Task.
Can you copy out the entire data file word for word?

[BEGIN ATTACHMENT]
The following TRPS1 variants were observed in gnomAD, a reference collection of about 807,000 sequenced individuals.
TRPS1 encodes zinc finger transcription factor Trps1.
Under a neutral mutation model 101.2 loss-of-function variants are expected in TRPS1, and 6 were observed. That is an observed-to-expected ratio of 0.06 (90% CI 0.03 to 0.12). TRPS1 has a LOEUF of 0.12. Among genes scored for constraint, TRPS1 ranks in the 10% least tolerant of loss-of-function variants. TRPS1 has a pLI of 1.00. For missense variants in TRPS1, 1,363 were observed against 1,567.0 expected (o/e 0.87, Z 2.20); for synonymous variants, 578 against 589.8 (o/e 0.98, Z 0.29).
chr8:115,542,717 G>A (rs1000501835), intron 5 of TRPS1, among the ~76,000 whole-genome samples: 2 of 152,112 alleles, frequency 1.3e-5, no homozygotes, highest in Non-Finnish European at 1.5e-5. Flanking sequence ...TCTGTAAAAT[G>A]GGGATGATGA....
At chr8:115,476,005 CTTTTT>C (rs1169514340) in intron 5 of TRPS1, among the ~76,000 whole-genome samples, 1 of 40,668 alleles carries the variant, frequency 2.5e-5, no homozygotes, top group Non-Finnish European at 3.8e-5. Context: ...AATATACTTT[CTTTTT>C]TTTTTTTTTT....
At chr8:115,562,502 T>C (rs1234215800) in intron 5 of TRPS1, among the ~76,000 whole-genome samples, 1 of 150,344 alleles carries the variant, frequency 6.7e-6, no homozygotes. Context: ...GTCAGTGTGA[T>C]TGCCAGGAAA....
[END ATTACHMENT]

The following TRPS1 variants were observed in gnomAD, a reference collection of about 807,000 sequenced individuals.
TRPS1 encodes zinc finger transcription factor Trps1.
Under a neutral mutation model 101.2 loss-of-function variants are expected in TRPS1, and 6 were observed. That is an observed-to-expected ratio of 0.06 (90% CI 0.03 to 0.12). TRPS1 has a LOEUF of 0.12. Among genes scored for constraint, TRPS1 ranks in the 10% least tolerant of loss-of-function variants. TRPS1 has a pLI of 1.00. For missense variants in TRPS1, 1,363 were observed against 1,567.0 expected (o/e 0.87, Z 2.20); for synonymous variants, 578 against 589.8 (o/e 0.98, Z 0.29).
chr8:115,542,717 G>A (rs1000501835), intron 5 of TRPS1, among the ~76,000 whole-genome samples: 2 of 152,112 alleles, frequency 1.3e-5, no homozygotes, highest in Non-Finnish European at 1.5e-5. Flanking sequence ...TCTGTAAAAT[G>A]GGGATGATGA....
At chr8:115,476,005 CTTTTT>C (rs1169514340) in intron 5 of TRPS1, among the ~76,000 whole-genome samples, 1 of 40,668 alleles carries the variant, frequency 2.5e-5, no homozygotes, top group Non-Finnish European at 3.8e-5. Context: ...AATATACTTT[CTTTTT>C]TTTTTTTTTT....
At chr8:115,562,502 T>C (rs1234215800) in intron 5 of TRPS1, among the ~76,000 whole-genome samples, 1 of 150,344 alleles carries the variant, frequency 6.7e-6, no homozygotes. Context: ...GTCAGTGTGA[T>C]TGCCAGGAAA....